COLUMN-Glencore's Glasenberg, once the hunter, now the hunted: Russell
(The opinions expressed here are those of the author, a columnist for Reuters.)
By Clyde Russell
LAUNCESTON, Australia, Sept 29 (Reuters) - - It must be tempting for Rio Tinto Chief Executive Sam Walsh to contemplate whether he should buy Glencore, almost a year after fending off an unwelcome approach from his now beleaguered rival.
It's safe to say the almost 30 percent plunge in Glencore's shares to a record low on Monday has laid to rest any hope that the mining and trading company had of pulling off a merger deal with Rio Tinto, which is vying with Brazil's Vale for the title of the world's largest iron ore producer.
When Glencore boss Ivan Glasenberg mooted a deal with Rio Tinto in July last year, the shares were trading around 344 pence ($5.19), while those of Rio Tinto were around 3,244 pence.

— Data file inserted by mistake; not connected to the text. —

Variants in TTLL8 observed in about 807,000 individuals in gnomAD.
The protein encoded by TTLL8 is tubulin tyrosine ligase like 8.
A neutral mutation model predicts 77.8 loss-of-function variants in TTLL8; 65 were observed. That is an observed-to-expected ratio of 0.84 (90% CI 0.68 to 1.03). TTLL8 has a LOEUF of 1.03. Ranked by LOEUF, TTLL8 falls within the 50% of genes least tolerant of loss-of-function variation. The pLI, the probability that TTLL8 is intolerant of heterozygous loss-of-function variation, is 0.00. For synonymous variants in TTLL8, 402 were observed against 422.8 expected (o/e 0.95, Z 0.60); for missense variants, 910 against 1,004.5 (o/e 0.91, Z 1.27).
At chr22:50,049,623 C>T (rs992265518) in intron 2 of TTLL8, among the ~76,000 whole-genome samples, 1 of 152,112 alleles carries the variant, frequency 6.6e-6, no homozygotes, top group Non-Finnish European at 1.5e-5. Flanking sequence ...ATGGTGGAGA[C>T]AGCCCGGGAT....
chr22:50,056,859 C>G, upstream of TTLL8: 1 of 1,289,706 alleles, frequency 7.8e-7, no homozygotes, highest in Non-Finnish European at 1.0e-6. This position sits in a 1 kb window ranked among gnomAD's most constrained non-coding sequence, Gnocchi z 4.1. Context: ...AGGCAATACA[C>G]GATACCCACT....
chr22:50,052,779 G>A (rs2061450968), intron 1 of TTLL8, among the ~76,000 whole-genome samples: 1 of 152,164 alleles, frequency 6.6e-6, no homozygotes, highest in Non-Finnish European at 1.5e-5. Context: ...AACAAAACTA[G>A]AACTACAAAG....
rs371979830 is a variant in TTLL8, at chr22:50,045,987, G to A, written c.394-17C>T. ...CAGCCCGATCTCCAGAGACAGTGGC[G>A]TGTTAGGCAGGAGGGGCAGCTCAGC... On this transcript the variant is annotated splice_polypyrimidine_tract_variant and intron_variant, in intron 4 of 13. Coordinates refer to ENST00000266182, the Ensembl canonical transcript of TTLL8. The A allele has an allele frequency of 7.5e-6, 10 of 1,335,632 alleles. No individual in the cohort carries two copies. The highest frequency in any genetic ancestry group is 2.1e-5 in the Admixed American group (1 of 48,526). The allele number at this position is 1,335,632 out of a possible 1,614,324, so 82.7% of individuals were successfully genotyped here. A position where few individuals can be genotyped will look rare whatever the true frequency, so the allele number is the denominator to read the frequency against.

By Monday, Glencore's stock was down 80 percent to 68.62 pence, while Rio Tinto's was at 2,111 pence, a drop of about 35 percent.
These numbers alone make any new bid by Glencore fanciful, but they do raise the possibility that Glencore itself is vulnerable.
Because Glasenberg controls 8.4 percent of Glencore stock, and another 8.17 percent is owned by Qatar's sovereign wealth fund, it's unlikely that any deal could be done without the approval of these two major shareholders.
Glasenberg is unlikely to want to sell out unless the price is right, and no doubt he will view the collapse in Glencore's shares as an unjustified overreaction on the part of jittery investors who largely don't understand commodity markets. Continuación...